Weekend Humor isn’t meant to be taken seriously. So don’t, ya rube.
John Robinson, a NYC-based photographer, immediately knew something was wrong when he went gallery hopping Thursday night. There was a photo exhibition, and all of the images looked fairly familiar. Upon closer inspection, these images were Robinson’s, only they were turned upside down. Robinson immediately called his lawyer and subsequently filed suit against Dan Thompson, the man who turned everything upside down.
Thompson is a graphic designer based in New York City, and he puts together ad campaigns that are heavily influenced by contemporary brands. In between jobs, he prints photographs he likes off the internet on his home printer. Thompson was immediately taken with Robinson’s photos, and saw fit to give them new life.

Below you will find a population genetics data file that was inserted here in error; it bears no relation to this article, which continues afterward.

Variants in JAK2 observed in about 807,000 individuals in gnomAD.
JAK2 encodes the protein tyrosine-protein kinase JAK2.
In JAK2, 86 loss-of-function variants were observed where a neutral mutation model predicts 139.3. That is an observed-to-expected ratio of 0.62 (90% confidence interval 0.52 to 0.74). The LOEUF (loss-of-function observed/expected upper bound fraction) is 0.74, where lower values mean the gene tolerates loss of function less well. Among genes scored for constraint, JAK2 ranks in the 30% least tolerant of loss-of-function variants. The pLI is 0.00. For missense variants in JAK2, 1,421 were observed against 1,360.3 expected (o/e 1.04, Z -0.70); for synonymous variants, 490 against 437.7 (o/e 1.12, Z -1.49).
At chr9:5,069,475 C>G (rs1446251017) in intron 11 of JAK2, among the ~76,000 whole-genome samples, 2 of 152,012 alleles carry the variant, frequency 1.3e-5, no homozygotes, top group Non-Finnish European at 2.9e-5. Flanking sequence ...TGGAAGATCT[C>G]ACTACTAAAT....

“Turning them upside down really forces you to change your perspective,” Thompson told us over the phone. “Listen, I get that he’s mad and everything, but these photos are way more successful than they ever will be.”
Thompson claimed that his topsy-turvy reimagining constitutes fair use, which is that murky middle-ground of copyright law. The boundaries for fair use are blurred at best, but Thompson is undeterred. Robinson is going after Thompson with as much legal assistance as he can afford.
“These idiots think they can just take something, add a bit of flair, spin it around and claim it’s new,” Robinson said. “It’s absolute goddam nonsense. This Thompson a*****e hasn’t had an original thought in his entire life, and I’ll kick his head in if he thinks he can capitalize on my work. What the hell does turning a cat photo upside down really do anyway?”
This isn’t the first time Thompson’s been pegged for copyright infringement. He was flatly rejected by a panel at the Guggenheim when he tried to submit 32 individual cans of Campbell’s soup to a sculpture competition.